The Orange will host former Big East arch rival Georgetown on Saturday. Tip-off is set for 3:30pm. Second year head coach Patrick Ewing and his Hoyas are 7-1 and are coming off an 88-87 win over Liberty Monday night. Big man Jessie Govan leads the way for Georgetown as he is averaging 19.9 points and 7.3 rebounds per game. The Hoyas have an electric backcourt consisting of freshman guard James Akinjo and Mac McClung. The duo is averaging 21.5 points, 3.9 rebounds, and 6.9 assists per contest. Last year, Syracuse traveled to the nation’s capital and emerged with an 86-79 0vertime victory over their long-time arch rivals. Syracuse and Georgetown in the Dome will certainly not disappoint.
Siena off to a 1-1 start in the Jamion Christian Era
After a tumultuous offseason that saw Siena fire head coach Jimmy Patsos amid a scandal involving mistreatment of a team manager and many changes to the roster, the Saints opened the Jamion Christian Era this week. Christian had previously coached Mount Saint Mary’s to two NCAA Tournaments in six years. Coach Christian preaches defensive pressure and three point shooting as the cornerstones of his coaching philosophy. Saints fans saw both on display in the team’s first two games this week.
Siena, who was picked to finish last in the MAAC this season, opened their 2018-19 at Big East powerhouse Providence on Tuesday. The Saints pulled themselves within seven late, but ultimately fell 77-67 to the Friars. Providence coach Ed Cooley, who previously coached at Fairfield in the MAAC, made it clear in his postgame statements that he thought Siena would not finish last in the MAAC this year. Freshman forward Sloan Seymour led the way for the Saints as he tallied 15 points on 5-of-9 shooting from beyond the arc. Senior forward Evan Fisher contributed with 11 points, six rebounds, and three assists in the losing effort. Siena held true to Coach Christian’s philosophy as the team made 12 three pointers and forced the Friars into 15 turnovers.
The Saints had a quick turnaround between its first two games as they traveled to the nation’s capital to take on George Washington Thursday night. Siena pulled away down the stretch to clinch a 69-61 win; the first victory under Christian. Freshman point guard Jalen Pickett stuffed the stat sheet with 19 points, five rebounds, and six assists. Senior forward Kevin Degnan finished with 15 points and eight boards in the win. The Saints connected on 13-of-34 three point attempts, compared to George Washington, who shot just 8-of-18 from distance.
Player of the Week: Jalen Pickett
This week’s player of the week for Siena was Jalen Pickett. The freshman has been tasked with quarterbacking the offensive attack for the Saints and has led the team in scoring at 13 points per contest. Most importantly, he has dished out 15 assists and only turned the ball over three times over the course of the first two games. Siena will rely on Pickett to shoulder a bulk of the ball-handling duties this season and has shown that he is up for the task thus far.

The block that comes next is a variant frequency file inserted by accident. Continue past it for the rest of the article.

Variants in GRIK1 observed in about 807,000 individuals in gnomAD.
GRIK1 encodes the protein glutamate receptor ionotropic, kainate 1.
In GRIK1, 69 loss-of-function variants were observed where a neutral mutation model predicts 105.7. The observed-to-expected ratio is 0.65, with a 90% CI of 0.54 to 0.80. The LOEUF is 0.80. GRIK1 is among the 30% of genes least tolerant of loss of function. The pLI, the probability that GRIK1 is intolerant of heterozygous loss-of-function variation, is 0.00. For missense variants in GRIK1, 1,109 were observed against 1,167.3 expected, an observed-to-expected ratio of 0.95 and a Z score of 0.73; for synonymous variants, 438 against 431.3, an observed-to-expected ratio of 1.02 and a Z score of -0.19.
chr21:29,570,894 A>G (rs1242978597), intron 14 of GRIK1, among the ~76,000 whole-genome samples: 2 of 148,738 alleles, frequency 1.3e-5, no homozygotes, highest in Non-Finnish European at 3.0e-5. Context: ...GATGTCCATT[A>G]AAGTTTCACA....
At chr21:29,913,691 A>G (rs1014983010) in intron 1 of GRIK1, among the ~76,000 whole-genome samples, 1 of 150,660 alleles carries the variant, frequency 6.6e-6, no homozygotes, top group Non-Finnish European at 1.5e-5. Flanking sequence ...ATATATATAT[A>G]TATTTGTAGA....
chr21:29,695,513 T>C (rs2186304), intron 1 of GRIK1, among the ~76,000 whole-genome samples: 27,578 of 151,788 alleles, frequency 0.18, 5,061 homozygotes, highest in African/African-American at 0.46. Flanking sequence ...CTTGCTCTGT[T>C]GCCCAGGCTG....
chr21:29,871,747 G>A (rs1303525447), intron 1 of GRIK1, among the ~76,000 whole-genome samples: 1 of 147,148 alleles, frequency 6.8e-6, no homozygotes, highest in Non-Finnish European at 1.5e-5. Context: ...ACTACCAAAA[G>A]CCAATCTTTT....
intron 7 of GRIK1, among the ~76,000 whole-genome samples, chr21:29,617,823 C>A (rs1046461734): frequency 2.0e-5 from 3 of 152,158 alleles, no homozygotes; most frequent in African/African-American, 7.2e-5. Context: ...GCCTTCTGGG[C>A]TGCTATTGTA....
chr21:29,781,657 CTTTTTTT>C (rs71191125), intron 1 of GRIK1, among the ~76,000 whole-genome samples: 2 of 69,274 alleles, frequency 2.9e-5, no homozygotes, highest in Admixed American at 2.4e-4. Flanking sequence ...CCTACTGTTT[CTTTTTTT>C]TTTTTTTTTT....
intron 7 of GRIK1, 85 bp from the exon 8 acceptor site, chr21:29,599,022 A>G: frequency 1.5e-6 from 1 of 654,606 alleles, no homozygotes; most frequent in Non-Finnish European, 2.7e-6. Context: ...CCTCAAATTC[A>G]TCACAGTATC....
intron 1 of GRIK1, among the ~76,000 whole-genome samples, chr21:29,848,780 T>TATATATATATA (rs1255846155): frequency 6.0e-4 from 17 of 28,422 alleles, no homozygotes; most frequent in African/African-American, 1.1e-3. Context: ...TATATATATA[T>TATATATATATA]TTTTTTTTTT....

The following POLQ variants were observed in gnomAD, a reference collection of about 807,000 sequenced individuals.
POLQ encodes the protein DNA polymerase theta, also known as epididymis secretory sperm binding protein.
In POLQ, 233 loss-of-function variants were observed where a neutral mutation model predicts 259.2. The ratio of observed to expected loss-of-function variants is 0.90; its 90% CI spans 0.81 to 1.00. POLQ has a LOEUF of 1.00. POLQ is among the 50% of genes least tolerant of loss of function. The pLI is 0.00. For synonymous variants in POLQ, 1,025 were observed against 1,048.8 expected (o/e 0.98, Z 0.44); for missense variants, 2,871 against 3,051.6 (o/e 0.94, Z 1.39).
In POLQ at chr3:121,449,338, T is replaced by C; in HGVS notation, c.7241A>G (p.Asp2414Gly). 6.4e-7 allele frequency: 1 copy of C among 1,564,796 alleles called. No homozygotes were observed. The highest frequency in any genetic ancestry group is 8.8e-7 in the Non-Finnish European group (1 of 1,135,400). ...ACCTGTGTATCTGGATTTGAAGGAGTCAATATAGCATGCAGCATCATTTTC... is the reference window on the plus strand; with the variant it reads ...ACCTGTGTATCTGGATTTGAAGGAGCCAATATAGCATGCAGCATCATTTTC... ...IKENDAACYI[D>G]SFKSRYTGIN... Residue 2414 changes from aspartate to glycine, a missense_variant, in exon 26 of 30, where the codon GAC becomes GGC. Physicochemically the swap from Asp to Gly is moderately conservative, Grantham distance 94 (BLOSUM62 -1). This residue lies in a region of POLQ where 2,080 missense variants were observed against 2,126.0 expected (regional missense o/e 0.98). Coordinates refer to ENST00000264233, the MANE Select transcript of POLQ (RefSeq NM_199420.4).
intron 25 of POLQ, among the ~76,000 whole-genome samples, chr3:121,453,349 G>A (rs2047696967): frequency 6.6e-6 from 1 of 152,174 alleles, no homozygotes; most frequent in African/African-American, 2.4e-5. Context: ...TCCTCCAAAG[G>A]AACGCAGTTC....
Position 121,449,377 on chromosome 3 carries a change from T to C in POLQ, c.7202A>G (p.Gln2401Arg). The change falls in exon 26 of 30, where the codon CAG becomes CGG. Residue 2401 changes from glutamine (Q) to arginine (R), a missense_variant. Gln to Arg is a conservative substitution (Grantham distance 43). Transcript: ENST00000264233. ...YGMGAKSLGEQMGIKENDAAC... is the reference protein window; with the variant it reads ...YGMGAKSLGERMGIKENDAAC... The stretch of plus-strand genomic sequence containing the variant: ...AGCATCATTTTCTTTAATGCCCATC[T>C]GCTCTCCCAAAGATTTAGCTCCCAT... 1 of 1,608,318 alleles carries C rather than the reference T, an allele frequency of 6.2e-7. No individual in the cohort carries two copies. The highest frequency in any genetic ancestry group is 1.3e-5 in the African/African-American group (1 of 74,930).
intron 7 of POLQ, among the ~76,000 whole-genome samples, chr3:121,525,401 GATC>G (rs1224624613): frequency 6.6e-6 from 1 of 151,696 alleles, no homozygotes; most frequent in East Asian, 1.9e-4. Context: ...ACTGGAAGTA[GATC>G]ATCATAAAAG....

Up next: Norfolk State and Holy Cross/Stony Brook
Siena will take part in the Air Force Reserve Basketball Hall of Fame Classic presented by Citi at Mohegan Sun Arena in Uncasville, Connecticut this weekend. The Saints will face Norfolk State in the first round Friday night at 8:30pm., followed by either the championship or consolation against either Holy Cross or Stony Brook.
The Norfolk State Spartans are 2-1 overall and will play at South Carolina on Tuesday night before they battle with the Saints. Norfolk State is led by Nic Thomas who is averaging 13.7 points and 4.3 rebounds per game.
Holy Cross is 1-1 on the season and will play at Providence before they meet with Stony Brook Friday night. The Crusaders are led by Austin Butler who is averaging 14 points and 3.5 boards per contest. If Siena and Holy Cross play each other this weekend, they will face each other for a second time, as the Saints are at the Crusaders December 22.
Stony Brook is 2-0 on the season with wins over George Washington and South Carolina and will square off against Holy Cross on Friday at 6pm. The Seawolves are led by Akwasi Yeboah who is averaging 18 points and 9.5 rebounds per game.
Let’s take a look at the Preseason All-Americans heading into the 2018-19 season.
First Team All-Americans
*Carsen Edwards, G, Purdue
Carsen Edwards was the best player on a Purdue team that featured four seniors in the starting lineup a year ago. This season, the Boilermakers will be heavily reliant on Edwards to lead the way if they hope to make it back to the “Big Dance.” An early favorite for National Player of the Year, Edwards will look to improve on averages of 18.5 points on 45.8% shooting, 3.8 rebounds, and 2.8 assists in 29 minutes per game last season. An increase in usage should see Edwards improve in each of these categories.
RJ Barrett, G/F, Duke
Duke’s top recruiting class is highlighted by the top prospect in the class, RJ Barrett. The Mississagua, Ontario, Canada native will look to prove that he is worthy of the number one overall pick in next spring’s NBA Draft. Expect Barrett to challenge Edwards in the National Player of the Year race.
Grant Williams, F, Tennessee
Grant Williams, the reigning SEC Player of the Year, was one of the major reasons why Tennessee surprised the college basketball world a season ago winning the SEC and earning a three seed in the NCAA Tournament. This year, the Volunteers have a target on their back. Williams will look to help Tennessee repeat as conference champions and make a deep run into March. If Williams improves on a season where he averaged 15.2 points on 47.3% shooting and 6 rebounds per game, the Vols will be able to live up to the hype.